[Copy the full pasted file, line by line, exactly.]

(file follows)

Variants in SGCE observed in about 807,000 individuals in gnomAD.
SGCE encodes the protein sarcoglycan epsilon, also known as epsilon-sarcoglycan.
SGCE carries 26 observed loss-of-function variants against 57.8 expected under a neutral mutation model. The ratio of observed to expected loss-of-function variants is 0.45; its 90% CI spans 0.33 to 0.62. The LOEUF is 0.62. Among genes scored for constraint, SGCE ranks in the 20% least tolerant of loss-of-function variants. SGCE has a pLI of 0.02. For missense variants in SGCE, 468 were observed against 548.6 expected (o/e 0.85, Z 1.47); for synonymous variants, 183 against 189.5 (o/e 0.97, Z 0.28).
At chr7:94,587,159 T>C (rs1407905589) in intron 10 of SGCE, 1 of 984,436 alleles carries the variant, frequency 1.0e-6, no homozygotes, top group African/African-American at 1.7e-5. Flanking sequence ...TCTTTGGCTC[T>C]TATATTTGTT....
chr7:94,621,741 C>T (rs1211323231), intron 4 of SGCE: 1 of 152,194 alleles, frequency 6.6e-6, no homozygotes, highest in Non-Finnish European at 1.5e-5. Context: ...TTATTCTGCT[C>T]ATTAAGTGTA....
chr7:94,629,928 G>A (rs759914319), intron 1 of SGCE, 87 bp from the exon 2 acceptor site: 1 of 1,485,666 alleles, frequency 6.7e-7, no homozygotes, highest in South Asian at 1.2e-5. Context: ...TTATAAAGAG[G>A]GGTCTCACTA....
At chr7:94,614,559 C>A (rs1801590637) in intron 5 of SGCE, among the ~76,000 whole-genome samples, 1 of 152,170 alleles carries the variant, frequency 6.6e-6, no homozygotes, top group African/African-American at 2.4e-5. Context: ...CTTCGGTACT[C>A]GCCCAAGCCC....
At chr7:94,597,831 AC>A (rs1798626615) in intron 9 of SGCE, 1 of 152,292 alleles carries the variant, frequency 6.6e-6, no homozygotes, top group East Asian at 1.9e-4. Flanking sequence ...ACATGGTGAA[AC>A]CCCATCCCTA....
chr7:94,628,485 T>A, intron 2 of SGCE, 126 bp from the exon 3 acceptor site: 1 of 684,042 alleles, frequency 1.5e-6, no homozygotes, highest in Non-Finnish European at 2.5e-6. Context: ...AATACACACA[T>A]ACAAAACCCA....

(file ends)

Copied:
Variants in SGCE observed in about 807,000 individuals in gnomAD.
SGCE encodes the protein sarcoglycan epsilon, also known as epsilon-sarcoglycan.
SGCE carries 26 observed loss-of-function variants against 57.8 expected under a neutral mutation model. The ratio of observed to expected loss-of-function variants is 0.45; its 90% CI spans 0.33 to 0.62. The LOEUF is 0.62. Among genes scored for constraint, SGCE ranks in the 20% least tolerant of loss-of-function variants. SGCE has a pLI of 0.02. For missense variants in SGCE, 468 were observed against 548.6 expected (o/e 0.85, Z 1.47); for synonymous variants, 183 against 189.5 (o/e 0.97, Z 0.28).
At chr7:94,587,159 T>C (rs1407905589) in intron 10 of SGCE, 1 of 984,436 alleles carries the variant, frequency 1.0e-6, no homozygotes, top group African/African-American at 1.7e-5. Flanking sequence ...TCTTTGGCTC[T>C]TATATTTGTT....
chr7:94,621,741 C>T (rs1211323231), intron 4 of SGCE: 1 of 152,194 alleles, frequency 6.6e-6, no homozygotes, highest in Non-Finnish European at 1.5e-5. Context: ...TTATTCTGCT[C>T]ATTAAGTGTA....
chr7:94,629,928 G>A (rs759914319), intron 1 of SGCE, 87 bp from the exon 2 acceptor site: 1 of 1,485,666 alleles, frequency 6.7e-7, no homozygotes, highest in South Asian at 1.2e-5. Context: ...TTATAAAGAG[G>A]GGTCTCACTA....
At chr7:94,614,559 C>A (rs1801590637) in intron 5 of SGCE, among the ~76,000 whole-genome samples, 1 of 152,170 alleles carries the variant, frequency 6.6e-6, no homozygotes, top group African/African-American at 2.4e-5. Context: ...CTTCGGTACT[C>A]GCCCAAGCCC....
At chr7:94,597,831 AC>A (rs1798626615) in intron 9 of SGCE, 1 of 152,292 alleles carries the variant, frequency 6.6e-6, no homozygotes, top group East Asian at 1.9e-4. Flanking sequence ...ACATGGTGAA[AC>A]CCCATCCCTA....
chr7:94,628,485 T>A, intron 2 of SGCE, 126 bp from the exon 3 acceptor site: 1 of 684,042 alleles, frequency 1.5e-6, no homozygotes, highest in Non-Finnish European at 2.5e-6. Context: ...AATACACACA[T>A]ACAAAACCCA....